Complications of diverticulitis include perforation; stricture or narrowing of the colon due to scarring from infection; fistula formation or abnormal connections to other organs, such as the bladder or vagina; and recurring episodes of infection.

All of these complications are most commonly treated with colon surgery. Diverticulosis can also cause bleeding but this is a less common indication for colon surgery.

Colitis, infection or inflammation of the colon, can also lead to surgery in certain situations.

Causes, Risk Factors & Prevention

We do not know what causes colon polyps and cancers. Some cases are hereditary; these conditions can be diagnosed by genetic tests.

Diet definitely plays a role in the formation of polyps, cancers and even diverticulosis. In certain cultures where the diet is mainly fruits, vegetables and grains, there is very little colon disease.

Constipation is felt to increase the risk of diverticulosis, but some patients with constipation never develop diverticula and some patients with diverticulosis have very little constipation. Eating a high-fiber diet, limiting processed foods and maintaining a healthy weight can all reduce the risk of developing these diseases.

Taking a low-dose aspirin (81 mg) is associated with a lower risk of colon polyps. Polyps can be detected and removed during a colonoscopy screening, starting at age 45. This prevents colon cancer.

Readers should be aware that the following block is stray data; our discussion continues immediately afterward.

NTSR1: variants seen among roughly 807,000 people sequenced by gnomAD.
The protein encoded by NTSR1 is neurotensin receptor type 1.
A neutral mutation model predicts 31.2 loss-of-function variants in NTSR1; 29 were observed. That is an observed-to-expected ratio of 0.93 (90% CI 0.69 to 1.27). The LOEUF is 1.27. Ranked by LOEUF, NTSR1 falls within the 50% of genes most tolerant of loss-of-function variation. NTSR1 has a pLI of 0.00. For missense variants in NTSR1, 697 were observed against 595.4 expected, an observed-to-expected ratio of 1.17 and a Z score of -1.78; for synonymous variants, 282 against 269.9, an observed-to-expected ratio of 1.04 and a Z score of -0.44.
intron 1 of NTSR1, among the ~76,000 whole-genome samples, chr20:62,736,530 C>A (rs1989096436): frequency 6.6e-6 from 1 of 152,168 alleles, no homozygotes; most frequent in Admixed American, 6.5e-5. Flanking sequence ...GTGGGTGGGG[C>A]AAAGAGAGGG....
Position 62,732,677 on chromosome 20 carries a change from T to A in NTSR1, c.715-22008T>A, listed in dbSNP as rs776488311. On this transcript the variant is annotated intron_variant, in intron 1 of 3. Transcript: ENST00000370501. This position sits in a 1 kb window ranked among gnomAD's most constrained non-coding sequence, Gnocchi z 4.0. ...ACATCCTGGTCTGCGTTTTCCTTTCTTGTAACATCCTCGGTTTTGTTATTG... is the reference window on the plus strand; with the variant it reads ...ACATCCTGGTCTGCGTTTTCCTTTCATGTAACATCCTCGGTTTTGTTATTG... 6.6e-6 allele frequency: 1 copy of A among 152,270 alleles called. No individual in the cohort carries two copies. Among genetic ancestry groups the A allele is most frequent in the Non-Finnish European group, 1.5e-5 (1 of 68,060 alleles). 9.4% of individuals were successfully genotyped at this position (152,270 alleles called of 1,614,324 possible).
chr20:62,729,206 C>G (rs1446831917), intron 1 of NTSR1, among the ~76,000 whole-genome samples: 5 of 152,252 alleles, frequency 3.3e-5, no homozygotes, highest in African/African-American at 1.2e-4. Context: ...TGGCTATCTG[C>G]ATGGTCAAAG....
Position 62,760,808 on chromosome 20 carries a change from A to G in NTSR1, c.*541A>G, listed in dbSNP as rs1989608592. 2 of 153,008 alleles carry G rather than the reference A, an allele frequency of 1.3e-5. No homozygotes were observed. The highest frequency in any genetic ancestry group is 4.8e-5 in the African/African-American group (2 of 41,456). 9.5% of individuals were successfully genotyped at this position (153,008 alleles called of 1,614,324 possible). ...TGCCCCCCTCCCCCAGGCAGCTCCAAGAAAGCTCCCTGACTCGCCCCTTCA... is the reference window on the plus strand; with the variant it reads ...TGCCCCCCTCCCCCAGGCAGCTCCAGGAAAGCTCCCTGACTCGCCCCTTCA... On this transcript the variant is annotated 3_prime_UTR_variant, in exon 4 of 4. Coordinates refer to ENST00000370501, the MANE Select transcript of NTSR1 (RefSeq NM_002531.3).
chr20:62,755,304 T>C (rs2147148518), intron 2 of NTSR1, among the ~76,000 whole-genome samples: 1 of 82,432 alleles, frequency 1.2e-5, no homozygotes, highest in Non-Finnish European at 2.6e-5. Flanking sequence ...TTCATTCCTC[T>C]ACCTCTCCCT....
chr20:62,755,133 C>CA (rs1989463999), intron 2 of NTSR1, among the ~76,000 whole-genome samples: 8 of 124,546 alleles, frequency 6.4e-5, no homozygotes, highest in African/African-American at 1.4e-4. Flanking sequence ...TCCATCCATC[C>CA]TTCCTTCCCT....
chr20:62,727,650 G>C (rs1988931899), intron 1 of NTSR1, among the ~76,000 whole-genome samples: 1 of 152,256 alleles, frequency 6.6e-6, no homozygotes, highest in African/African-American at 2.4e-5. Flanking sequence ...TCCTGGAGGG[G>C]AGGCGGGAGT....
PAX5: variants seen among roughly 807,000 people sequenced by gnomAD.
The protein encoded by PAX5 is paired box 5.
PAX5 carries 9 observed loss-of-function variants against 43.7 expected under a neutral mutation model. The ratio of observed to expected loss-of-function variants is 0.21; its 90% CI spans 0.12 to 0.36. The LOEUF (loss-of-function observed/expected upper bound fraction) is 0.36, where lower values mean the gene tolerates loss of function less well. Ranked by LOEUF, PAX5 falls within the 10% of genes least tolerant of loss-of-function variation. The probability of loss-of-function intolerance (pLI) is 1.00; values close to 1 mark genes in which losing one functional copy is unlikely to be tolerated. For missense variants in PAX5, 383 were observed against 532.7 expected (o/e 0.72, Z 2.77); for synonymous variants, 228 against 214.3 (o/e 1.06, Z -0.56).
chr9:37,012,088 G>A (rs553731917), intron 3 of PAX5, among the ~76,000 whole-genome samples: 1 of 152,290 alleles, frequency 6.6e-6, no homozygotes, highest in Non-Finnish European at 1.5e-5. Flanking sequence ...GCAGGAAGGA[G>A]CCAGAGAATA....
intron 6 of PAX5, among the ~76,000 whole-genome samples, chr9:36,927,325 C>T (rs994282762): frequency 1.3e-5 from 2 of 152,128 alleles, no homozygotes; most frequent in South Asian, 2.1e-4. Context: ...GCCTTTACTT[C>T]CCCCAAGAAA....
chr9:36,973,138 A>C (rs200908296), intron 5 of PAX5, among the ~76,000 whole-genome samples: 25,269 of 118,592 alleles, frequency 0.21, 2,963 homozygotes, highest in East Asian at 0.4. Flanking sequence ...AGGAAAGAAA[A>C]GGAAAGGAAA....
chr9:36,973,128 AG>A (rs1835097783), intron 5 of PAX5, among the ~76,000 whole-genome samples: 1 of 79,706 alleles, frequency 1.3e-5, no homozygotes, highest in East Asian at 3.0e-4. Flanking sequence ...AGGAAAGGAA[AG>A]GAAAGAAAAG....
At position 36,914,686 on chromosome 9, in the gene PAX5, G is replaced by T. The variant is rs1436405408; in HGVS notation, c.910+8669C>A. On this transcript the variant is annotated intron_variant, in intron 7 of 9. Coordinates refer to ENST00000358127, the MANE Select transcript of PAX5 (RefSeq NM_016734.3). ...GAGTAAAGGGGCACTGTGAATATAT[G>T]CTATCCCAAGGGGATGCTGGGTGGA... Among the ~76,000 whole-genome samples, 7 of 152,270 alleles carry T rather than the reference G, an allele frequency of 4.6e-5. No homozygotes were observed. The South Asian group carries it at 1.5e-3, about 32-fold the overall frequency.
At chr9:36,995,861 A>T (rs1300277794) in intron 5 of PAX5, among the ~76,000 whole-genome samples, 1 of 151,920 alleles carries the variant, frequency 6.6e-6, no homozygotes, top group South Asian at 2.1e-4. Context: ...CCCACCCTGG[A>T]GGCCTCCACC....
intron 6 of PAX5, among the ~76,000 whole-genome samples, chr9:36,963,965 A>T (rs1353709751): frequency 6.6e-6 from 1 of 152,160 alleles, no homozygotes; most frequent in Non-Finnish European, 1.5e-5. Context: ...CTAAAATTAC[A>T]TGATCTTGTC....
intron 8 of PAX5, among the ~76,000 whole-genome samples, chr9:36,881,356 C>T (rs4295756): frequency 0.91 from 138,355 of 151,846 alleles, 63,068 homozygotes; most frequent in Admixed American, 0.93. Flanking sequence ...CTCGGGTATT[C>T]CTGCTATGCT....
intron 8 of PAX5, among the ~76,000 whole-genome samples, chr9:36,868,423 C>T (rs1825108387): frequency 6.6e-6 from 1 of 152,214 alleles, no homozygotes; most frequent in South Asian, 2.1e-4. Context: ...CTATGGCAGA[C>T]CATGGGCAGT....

Stool tests, such as Cologuard, that can detect polyps and cancers in the colon can be helpful. However, they are not as effective as a colonoscopy and do not detect all polyps and cancers. At most annual physicals at your primary care doctor’s office, you will probably be given a rectal exam beginning at age 40.

The stool specimen from this exam is tested for occult (not visibly apparent) blood in the stool, which can also help to detect polyps and cancers.

Some hereditary polyp and cancer conditions can be so severe that a prophylactic colectomy, or removal of the entire colon, is needed to prevent cancer. This procedure is also sometimes necessary for inflammatory bowel diseases such as ulcerative colitis.

Tests, Detection & Imaging

The most common technique for detecting colon disease—including polyps, cancers and diverticulosis—is a colonoscopy. This procedure uses a flexible, fiberoptic maneuverable scope that is introduced into the rectum and advanced to the cecum under conscious sedation.

The most difficult part of the procedure is the prep that must be taken prior to the procedure to flush the fecal matter from the colon, which allows the endoscopist to see clearly during the colonoscopy.

Propofol is the most common anesthetic used intravenously and allows for rapid recovery from the procedure. Polyps found during the colonoscopy can be removed or, if too large, they can be sampled with a biopsy.

The polyp or the biopsy can then be submitted to a pathologist to determine the type of polyp. The same is done for cancerous masses found in the colon. Biopsies can also be done to diagnose colitis and other inflammatory conditions of the colon.